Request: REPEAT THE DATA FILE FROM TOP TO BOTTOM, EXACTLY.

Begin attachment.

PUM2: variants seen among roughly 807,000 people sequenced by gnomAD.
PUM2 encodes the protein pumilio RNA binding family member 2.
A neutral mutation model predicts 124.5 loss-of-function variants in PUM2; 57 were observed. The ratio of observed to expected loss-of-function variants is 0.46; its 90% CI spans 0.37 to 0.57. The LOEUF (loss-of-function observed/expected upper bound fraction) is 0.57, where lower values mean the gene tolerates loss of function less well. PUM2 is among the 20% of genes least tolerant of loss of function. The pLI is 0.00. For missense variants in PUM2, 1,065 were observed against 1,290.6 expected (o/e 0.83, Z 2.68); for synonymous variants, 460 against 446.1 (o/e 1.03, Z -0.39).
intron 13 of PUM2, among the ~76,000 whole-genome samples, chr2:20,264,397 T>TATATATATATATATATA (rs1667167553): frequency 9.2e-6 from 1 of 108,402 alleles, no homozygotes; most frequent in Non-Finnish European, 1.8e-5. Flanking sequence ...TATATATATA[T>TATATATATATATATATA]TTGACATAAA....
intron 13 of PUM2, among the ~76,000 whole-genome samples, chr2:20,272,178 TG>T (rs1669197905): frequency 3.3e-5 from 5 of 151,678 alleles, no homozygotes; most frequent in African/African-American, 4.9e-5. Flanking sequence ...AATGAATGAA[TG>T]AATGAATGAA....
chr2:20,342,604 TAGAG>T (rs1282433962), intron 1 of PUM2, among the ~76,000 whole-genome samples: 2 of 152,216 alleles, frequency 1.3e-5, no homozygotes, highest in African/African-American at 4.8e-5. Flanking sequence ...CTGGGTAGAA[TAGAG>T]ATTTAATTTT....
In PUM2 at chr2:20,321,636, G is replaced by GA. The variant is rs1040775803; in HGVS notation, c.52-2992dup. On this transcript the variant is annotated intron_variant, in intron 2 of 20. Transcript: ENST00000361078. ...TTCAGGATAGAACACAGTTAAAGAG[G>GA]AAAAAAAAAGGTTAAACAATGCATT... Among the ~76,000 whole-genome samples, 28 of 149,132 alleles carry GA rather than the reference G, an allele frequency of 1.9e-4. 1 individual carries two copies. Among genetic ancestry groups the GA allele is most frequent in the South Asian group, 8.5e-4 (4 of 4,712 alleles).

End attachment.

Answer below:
PUM2: variants seen among roughly 807,000 people sequenced by gnomAD.
PUM2 encodes the protein pumilio RNA binding family member 2.
A neutral mutation model predicts 124.5 loss-of-function variants in PUM2; 57 were observed. The ratio of observed to expected loss-of-function variants is 0.46; its 90% CI spans 0.37 to 0.57. The LOEUF (loss-of-function observed/expected upper bound fraction) is 0.57, where lower values mean the gene tolerates loss of function less well. PUM2 is among the 20% of genes least tolerant of loss of function. The pLI is 0.00. For missense variants in PUM2, 1,065 were observed against 1,290.6 expected (o/e 0.83, Z 2.68); for synonymous variants, 460 against 446.1 (o/e 1.03, Z -0.39).
intron 13 of PUM2, among the ~76,000 whole-genome samples, chr2:20,264,397 T>TATATATATATATATATA (rs1667167553): frequency 9.2e-6 from 1 of 108,402 alleles, no homozygotes; most frequent in Non-Finnish European, 1.8e-5. Flanking sequence ...TATATATATA[T>TATATATATATATATATA]TTGACATAAA....
intron 13 of PUM2, among the ~76,000 whole-genome samples, chr2:20,272,178 TG>T (rs1669197905): frequency 3.3e-5 from 5 of 151,678 alleles, no homozygotes; most frequent in African/African-American, 4.9e-5. Flanking sequence ...AATGAATGAA[TG>T]AATGAATGAA....
chr2:20,342,604 TAGAG>T (rs1282433962), intron 1 of PUM2, among the ~76,000 whole-genome samples: 2 of 152,216 alleles, frequency 1.3e-5, no homozygotes, highest in African/African-American at 4.8e-5. Flanking sequence ...CTGGGTAGAA[TAGAG>T]ATTTAATTTT....
In PUM2 at chr2:20,321,636, G is replaced by GA. The variant is rs1040775803; in HGVS notation, c.52-2992dup. On this transcript the variant is annotated intron_variant, in intron 2 of 20. Transcript: ENST00000361078. ...TTCAGGATAGAACACAGTTAAAGAG[G>GA]AAAAAAAAAGGTTAAACAATGCATT... Among the ~76,000 whole-genome samples, 28 of 149,132 alleles carry GA rather than the reference G, an allele frequency of 1.9e-4. 1 individual carries two copies. Among genetic ancestry groups the GA allele is most frequent in the South Asian group, 8.5e-4 (4 of 4,712 alleles).